Early prediction of preeclampsia.

Poon LC, Nicolaides KH - Obstet Gynecol Int (2014)

Distribution of gestational age at delivery for preeclampsia (PE). In pregnancies at low-risk for PE the gestational age distribution is shifted to the right and in most pregnancies delivery will occur before the development of PE. In pregnancies at high-risk for PE the distribution is shifted to the left. The risk of PE occurring at or before a specified gestational age is given by the area under the distribution curve (black). In the low-risk group the risk of PE at or before 34 weeks' gestation is 0.01 or 1% and in the high-risk group the risk is 0.6 or 60%.
© Copyright Policy - open-access
Related In: Results  -  Collection

Show All Figures
getmorefigures.php?uid=PMC4127237&req=5

fig1: Distribution of gestational age at delivery for preeclampsia (PE). In pregnancies at low-risk for PE the gestational age distribution is shifted to the right and in most pregnancies delivery will occur before the development of PE. In pregnancies at high-risk for PE the distribution is shifted to the left. The risk of PE occurring at or before a specified gestational age is given by the area under the distribution curve (black). In the low-risk group the risk of PE at or before 34 weeks' gestation is 0.01 or 1% and in the high-risk group the risk is 0.6 or 60%.
Mentions: It has been demonstrated that maternal demographic characteristics, including medical and obstetric history (Table 2), are potentially useful in screening for PE only when the various factors are incorporated into a combined algorithm derived by multivariate analysis [18]. With this approach to screening the effects of variables are expressed as odds ratios for early onset, late onset, or total PE. In general, the maternal risk factor profiles vary between early onset PE and late onset PE. This has led to the view that early and late PE may be different diseases. An alternative view is that PE is a spectrum disorder the degree of which is reflected in gestational age at the time of delivery. Multivariate screening for PE with maternal risk factors has since evolved into a new approach in which the gestation at the time of delivery for PE is treated as a continuous rather than a categorical variable. This approach, which is based on a survival time model, assumes that if the pregnancy was to continue indefinitely, all women would develop PE and whether they do so or not before a specified gestational age depends on a competition between delivery before or after development of PE [12]. In this new approach the effect of various risk factors is to modify the mean of the distribution of gestational age at delivery with PE. In pregnancies at low-risk for PE the gestational age distribution is shifted to the right with the implication that in most pregnancies delivery will actually occur before the development of PE. In high-risk pregnancies the distribution is shifted to the left and the smaller the mean gestational age, the higher the risk for PE (Figure 1).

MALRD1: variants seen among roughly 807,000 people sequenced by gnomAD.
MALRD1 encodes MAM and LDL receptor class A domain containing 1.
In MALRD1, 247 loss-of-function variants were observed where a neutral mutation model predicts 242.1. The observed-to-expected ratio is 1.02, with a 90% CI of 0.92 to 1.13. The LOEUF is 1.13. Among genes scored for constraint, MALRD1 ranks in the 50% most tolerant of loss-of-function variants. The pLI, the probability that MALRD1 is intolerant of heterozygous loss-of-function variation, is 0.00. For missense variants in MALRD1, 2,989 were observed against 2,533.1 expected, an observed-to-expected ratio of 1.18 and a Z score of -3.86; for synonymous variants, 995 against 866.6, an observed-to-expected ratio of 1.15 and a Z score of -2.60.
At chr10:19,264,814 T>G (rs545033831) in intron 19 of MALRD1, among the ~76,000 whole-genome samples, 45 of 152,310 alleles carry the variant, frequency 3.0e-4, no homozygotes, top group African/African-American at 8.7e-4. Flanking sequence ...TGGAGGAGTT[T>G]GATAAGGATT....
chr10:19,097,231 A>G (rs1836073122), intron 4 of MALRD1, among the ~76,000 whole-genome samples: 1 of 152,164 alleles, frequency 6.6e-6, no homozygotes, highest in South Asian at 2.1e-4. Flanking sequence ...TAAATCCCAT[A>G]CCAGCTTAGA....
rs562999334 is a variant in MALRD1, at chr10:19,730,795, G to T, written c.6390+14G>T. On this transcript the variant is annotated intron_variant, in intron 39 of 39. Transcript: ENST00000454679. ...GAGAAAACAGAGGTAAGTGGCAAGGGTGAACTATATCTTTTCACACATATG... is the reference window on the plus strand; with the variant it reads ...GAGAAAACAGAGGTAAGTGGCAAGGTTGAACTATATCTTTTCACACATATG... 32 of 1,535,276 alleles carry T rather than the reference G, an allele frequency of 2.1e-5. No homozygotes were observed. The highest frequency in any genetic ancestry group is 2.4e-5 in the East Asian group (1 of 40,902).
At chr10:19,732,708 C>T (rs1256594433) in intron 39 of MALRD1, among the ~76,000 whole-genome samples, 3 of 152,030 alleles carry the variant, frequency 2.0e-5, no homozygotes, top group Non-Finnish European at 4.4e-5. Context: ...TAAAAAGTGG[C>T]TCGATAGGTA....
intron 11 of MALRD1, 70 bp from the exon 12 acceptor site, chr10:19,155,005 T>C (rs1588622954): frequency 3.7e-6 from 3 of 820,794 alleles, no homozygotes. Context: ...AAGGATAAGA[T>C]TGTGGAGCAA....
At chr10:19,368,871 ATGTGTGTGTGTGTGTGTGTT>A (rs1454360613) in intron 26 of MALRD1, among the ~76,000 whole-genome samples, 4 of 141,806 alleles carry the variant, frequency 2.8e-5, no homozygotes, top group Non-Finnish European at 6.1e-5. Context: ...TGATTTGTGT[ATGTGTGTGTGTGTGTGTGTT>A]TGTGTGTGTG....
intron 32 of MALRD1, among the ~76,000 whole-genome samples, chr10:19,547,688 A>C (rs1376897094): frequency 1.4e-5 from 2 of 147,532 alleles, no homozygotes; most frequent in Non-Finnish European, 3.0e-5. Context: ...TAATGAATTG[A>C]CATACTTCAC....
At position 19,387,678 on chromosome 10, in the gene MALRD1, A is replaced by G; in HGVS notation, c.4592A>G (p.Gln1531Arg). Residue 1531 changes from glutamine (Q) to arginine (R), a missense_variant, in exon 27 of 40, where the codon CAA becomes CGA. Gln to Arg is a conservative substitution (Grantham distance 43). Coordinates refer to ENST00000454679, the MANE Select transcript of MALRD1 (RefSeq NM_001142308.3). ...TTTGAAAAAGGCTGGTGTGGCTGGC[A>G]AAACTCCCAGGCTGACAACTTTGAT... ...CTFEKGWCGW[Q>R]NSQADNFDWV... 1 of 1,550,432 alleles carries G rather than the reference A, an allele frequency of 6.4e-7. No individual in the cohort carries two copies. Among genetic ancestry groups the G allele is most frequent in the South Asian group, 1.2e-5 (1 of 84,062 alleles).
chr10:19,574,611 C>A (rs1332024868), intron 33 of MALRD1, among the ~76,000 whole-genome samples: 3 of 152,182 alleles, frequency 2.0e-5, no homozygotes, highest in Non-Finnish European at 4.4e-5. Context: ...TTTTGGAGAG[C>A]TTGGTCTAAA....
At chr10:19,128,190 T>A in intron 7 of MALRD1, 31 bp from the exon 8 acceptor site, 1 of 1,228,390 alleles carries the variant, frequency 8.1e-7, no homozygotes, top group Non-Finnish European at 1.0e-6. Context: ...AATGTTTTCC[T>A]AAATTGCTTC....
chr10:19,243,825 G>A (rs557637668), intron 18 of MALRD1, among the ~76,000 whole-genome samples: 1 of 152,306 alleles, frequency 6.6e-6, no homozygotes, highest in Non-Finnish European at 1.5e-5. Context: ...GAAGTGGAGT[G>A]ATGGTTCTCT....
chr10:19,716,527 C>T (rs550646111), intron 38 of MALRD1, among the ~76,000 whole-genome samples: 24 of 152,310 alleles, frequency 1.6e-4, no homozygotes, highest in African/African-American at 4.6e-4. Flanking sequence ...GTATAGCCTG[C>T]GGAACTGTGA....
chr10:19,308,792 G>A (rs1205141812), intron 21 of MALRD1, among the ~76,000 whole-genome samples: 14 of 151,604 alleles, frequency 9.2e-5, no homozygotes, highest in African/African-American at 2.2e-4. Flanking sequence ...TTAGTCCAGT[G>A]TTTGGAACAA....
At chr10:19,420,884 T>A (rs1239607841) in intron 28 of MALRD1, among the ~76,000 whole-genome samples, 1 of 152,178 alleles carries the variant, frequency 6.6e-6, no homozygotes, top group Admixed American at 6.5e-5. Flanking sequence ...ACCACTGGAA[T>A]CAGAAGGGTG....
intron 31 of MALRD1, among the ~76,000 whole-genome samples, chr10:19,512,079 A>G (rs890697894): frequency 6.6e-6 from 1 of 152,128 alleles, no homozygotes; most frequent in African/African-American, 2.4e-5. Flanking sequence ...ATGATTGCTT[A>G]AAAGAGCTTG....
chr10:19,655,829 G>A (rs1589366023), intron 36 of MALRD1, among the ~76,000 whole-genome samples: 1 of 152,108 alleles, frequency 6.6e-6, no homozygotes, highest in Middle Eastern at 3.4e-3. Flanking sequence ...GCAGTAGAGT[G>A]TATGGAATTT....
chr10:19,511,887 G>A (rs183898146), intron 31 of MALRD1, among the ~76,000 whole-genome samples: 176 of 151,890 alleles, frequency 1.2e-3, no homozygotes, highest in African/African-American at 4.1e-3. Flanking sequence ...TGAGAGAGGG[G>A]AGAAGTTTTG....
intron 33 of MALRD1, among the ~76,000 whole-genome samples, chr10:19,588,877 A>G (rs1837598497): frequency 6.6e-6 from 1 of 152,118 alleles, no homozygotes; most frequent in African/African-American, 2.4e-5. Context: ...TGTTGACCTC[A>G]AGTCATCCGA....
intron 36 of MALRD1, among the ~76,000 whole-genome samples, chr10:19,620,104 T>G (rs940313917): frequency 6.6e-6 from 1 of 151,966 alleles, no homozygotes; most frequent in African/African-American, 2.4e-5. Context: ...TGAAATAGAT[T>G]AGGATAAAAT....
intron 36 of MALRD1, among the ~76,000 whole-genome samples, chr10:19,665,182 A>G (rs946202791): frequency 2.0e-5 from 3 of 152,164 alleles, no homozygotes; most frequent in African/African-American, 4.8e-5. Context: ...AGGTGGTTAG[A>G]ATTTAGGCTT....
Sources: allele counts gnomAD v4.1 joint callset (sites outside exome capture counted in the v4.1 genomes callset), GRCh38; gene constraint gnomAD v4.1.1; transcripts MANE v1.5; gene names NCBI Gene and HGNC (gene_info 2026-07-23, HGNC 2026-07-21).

Bottom Line: Effective screening for the development of early onset preeclampsia (PE) can be provided in the first-trimester of pregnancy.Screening by a combination of maternal risk factors, uterine artery Doppler, mean arterial pressure, maternal serum pregnancy-associated plasma protein-A, and placental growth factor can identify about 95% of cases of early onset PE for a false-positive rate of 10%.

View Article: PubMed Central - PubMed

Affiliation: Harris Birthright Research Centre of Fetal Medicine, King's College Hospital, Denmark Hill, London SE5 9RS, UK.

ABSTRACT
Effective screening for the development of early onset preeclampsia (PE) can be provided in the first-trimester of pregnancy. Screening by a combination of maternal risk factors, uterine artery Doppler, mean arterial pressure, maternal serum pregnancy-associated plasma protein-A, and placental growth factor can identify about 95% of cases of early onset PE for a false-positive rate of 10%.

No MeSH data available.


Related in: MedlinePlus